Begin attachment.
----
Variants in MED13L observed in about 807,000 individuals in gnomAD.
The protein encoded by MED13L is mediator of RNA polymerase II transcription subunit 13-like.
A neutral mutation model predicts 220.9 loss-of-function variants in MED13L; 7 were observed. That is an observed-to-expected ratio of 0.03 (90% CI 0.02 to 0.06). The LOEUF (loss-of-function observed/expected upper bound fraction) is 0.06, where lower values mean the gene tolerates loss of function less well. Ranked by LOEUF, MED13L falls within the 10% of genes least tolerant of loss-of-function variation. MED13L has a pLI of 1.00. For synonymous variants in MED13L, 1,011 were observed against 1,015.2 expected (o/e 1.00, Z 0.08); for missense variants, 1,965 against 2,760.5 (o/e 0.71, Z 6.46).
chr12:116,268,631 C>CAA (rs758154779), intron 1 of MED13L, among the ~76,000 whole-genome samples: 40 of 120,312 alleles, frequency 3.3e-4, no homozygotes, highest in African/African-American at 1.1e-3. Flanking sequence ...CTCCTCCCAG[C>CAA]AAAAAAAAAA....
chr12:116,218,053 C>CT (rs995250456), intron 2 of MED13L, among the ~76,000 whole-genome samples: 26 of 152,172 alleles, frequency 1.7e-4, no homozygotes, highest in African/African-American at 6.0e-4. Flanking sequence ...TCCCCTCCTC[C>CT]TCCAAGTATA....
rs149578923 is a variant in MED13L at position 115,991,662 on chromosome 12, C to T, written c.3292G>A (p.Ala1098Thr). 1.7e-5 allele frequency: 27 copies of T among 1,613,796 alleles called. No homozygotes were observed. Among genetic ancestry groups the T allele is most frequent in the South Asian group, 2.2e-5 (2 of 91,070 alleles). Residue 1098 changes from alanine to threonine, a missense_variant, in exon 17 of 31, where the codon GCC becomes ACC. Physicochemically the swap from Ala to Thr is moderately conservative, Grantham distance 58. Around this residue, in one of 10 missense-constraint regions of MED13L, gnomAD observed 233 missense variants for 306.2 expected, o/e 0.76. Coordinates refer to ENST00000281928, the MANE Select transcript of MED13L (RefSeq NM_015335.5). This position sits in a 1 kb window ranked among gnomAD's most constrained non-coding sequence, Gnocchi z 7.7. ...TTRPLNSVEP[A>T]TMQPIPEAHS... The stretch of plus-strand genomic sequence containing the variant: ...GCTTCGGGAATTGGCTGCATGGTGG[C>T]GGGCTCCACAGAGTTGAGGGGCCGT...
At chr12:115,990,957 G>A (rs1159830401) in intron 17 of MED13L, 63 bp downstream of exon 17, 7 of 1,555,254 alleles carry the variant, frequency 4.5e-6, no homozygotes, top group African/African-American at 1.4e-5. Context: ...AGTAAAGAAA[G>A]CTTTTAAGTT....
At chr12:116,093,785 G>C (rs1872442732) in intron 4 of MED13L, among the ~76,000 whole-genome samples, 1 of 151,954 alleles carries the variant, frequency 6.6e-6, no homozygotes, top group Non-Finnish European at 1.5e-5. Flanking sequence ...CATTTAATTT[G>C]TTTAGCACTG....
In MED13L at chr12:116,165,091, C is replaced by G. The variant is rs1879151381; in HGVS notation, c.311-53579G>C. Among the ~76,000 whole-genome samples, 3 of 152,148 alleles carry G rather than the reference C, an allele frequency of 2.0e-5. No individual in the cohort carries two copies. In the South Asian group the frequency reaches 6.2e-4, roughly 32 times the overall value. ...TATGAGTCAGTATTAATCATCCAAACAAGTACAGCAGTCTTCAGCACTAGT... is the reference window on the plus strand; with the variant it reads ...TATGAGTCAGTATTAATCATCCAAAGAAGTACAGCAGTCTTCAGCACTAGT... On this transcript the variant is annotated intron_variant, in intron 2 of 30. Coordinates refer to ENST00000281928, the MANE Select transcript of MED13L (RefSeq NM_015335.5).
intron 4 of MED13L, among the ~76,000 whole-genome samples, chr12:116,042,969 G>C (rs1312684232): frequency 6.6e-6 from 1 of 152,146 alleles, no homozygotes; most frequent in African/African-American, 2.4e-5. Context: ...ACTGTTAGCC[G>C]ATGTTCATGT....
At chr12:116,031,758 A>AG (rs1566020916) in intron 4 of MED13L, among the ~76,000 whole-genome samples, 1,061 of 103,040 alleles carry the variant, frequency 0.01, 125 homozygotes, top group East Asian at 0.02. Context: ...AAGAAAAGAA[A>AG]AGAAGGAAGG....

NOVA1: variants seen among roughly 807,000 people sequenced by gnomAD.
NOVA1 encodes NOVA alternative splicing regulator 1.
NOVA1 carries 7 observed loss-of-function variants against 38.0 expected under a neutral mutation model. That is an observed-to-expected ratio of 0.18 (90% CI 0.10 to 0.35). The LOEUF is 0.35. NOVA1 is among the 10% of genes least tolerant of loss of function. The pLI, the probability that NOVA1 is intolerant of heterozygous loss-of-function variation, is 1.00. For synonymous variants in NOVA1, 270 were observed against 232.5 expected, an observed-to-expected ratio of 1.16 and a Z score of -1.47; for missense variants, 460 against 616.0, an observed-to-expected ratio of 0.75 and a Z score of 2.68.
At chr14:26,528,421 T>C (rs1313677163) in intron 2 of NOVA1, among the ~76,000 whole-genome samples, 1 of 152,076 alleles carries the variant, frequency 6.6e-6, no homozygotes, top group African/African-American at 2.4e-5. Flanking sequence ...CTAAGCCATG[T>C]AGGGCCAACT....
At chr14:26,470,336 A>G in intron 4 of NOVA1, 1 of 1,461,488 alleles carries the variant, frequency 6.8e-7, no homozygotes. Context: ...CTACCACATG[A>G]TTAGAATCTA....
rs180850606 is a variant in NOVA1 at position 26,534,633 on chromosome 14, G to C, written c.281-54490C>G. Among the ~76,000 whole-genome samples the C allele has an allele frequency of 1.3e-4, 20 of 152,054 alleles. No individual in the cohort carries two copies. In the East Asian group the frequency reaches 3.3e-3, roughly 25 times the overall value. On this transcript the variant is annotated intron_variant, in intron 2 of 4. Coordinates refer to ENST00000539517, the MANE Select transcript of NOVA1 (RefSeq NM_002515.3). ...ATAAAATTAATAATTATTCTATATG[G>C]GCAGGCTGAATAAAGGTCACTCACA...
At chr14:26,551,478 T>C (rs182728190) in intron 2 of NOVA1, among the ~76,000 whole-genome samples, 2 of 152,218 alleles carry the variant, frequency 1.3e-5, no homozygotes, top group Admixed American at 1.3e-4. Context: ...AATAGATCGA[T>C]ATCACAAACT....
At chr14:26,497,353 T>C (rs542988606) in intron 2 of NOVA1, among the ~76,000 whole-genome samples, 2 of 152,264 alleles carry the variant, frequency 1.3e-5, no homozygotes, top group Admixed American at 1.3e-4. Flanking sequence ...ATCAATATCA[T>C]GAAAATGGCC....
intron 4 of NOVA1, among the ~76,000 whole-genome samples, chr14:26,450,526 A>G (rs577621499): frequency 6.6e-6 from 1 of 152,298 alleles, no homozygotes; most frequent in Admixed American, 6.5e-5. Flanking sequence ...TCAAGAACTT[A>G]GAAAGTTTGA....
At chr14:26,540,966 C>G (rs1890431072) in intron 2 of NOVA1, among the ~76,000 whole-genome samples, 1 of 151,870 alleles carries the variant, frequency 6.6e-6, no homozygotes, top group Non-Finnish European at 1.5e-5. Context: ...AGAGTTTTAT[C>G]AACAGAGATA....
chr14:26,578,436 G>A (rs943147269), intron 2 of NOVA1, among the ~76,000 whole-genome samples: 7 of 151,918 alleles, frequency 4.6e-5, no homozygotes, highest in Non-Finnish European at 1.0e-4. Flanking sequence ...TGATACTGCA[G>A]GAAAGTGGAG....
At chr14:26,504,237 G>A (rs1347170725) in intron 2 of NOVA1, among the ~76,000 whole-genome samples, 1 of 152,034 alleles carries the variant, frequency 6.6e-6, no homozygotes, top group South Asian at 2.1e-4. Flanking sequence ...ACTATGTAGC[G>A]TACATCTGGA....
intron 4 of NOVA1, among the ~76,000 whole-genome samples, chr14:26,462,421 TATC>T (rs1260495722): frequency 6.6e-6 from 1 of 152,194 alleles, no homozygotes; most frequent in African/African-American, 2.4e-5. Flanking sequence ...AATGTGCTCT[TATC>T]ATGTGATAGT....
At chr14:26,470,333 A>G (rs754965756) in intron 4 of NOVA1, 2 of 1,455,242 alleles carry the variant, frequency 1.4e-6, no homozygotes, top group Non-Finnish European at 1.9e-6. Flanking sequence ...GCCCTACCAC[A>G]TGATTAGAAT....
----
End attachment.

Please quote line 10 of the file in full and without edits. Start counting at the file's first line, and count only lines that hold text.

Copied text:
intron 4 of MED13L, among the ~76,000 whole-genome samples, chr12:116,042,969 G>C (rs1312684232): frequency 6.6e-6 from 1 of 152,146 alleles, no homozygotes; most frequent in African/African-American, 2.4e-5. Context: ...ACTGTTAGCC[G>C]ATGTTCATGT....